(This version finalised on Monday, August 6, 2001)
THE Gödel-number of every formula of "the system P" which contains a "number-sign" (or "numeral") must be greater than the numerical value of that number-sign itself.
For instance, if any formula of the system P contains the number-sign for the number 17, then its Gödel-number cannot possibly be equal to or less than 17.
This is because by definition, every such formula itself contains a number-sign, and this number-sign itself consists of a number of basic signs of the system P, this number of basic signs being one more than the natural number of which it is the number-sign.
Therefore the Gödel-number of that number-sign alone
must be greater than the numerical value of that
number-sign itself. (This does not even take into
consideration the rest of the formula!)
Let r be the Gödel-number of what Gödel calls a "class-sign" (i.e., a well-formed formula with a single free variable); and let that free variable be q. Then r is, essentially:
If we now define the function Sb (r q | Z(x)) as being the propositional formula obtained by the substitution, in the class-sign of which the Gödel-number is r, of the only free variable in it, q, by number-sign for the number x, then the sequence Sb (r q | Z(x)) becomes:
some-sequence-of-basic-signs_ƒƒƒ . . . s0_some-other-sequence-of-basic-signs
… where ƒ means "the successor of". Notice that there must be x+1 basic signs in the sequence ƒƒƒ... ƒ0.
However, by the system called Gödel-numbering, the basic sign ƒ is given a Gödel-number which is a non-zero natural number — and which is always, as a result, either 1 or greater than 1.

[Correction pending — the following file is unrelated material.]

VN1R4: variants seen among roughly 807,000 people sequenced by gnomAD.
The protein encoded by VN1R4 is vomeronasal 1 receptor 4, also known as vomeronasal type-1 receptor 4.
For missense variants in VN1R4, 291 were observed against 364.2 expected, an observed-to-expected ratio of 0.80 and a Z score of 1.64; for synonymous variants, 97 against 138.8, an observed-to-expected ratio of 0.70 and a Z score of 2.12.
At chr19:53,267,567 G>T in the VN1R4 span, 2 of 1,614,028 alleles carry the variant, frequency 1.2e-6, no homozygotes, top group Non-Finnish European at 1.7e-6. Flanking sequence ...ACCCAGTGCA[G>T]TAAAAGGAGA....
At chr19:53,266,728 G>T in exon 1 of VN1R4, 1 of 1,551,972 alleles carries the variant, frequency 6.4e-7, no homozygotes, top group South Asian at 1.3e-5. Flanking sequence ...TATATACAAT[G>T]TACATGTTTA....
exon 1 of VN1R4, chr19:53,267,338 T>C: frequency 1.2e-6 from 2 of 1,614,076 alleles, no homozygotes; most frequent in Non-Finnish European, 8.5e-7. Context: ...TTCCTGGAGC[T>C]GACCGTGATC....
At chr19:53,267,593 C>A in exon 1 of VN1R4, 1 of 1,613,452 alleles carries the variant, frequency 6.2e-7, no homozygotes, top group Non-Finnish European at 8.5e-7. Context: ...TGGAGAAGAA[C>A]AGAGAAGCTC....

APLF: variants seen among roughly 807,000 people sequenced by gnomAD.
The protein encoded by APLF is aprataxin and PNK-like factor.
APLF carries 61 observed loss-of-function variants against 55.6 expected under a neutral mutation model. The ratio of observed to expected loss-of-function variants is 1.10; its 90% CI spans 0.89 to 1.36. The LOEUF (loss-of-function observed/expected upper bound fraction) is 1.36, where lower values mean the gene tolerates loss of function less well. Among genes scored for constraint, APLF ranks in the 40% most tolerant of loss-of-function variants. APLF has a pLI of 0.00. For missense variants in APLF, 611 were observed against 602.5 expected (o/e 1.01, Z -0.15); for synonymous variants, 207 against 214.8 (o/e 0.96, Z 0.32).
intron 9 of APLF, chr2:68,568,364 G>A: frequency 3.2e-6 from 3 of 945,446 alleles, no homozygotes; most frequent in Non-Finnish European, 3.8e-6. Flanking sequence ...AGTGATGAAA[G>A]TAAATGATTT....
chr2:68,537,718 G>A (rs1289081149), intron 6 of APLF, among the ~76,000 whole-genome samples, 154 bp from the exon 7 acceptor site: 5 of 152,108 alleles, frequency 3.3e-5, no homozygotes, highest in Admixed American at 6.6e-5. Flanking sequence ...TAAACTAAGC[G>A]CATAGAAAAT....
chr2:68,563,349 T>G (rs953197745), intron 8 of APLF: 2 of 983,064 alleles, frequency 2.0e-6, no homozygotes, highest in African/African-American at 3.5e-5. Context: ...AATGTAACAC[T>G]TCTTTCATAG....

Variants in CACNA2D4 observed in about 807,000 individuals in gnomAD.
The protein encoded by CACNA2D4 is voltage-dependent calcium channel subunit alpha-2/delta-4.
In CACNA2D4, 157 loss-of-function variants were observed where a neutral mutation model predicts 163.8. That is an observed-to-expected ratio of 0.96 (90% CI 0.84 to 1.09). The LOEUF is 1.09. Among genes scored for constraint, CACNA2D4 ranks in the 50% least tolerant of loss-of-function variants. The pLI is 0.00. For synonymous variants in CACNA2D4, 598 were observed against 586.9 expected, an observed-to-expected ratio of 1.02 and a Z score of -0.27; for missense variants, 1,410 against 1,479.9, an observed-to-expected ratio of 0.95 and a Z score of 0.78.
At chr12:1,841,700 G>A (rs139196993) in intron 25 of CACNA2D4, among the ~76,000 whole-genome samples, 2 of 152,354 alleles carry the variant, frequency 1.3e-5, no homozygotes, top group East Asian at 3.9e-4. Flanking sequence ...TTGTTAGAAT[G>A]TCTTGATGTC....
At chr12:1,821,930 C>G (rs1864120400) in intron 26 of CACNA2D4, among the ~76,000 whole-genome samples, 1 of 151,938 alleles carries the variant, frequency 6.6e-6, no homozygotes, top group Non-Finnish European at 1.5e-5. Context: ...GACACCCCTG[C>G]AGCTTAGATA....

Thus the Gödel-number of the propositional formula Sb (r q | Z(x)) cannot possibly be equal to or less than x, since the number of basic signs in the sequence ƒƒƒ... ƒ0, as noted above, is x+1; and in addition there are the other basic signs in the formula, whose Gödel-numbers are also 1 or greater than 1, and which therefore contribute towards increasing the value of the Gödel-number of the formula Sb (r q | Z(x)).
In other words, the Gödel-number of any
propositional formula containing a number-sign — e.g.,
a formula resulting from the substitution of the
only free variable in a class-sign by a number-sign —
must always be greater than the numerical
value of that number-sign itself. Both its
Gödel-number and the numerical value of
the number-sign contained in it cannot possibly be
equal to one another.
The So-Called "Undecidable Formula"
Now let us assume, as our hypothesis, that there is in fact an undecidable propositional formula in the system P, and that g is its Gödel-number. By the above argument, the numerical value of g must be greater than the numerical value of the number-sign contained in it.
However, according to Gödel’s argument, the purported undecidable formula refers to itself; and thus g must also be the numerical value of the number-sign contained in the undecidable formula.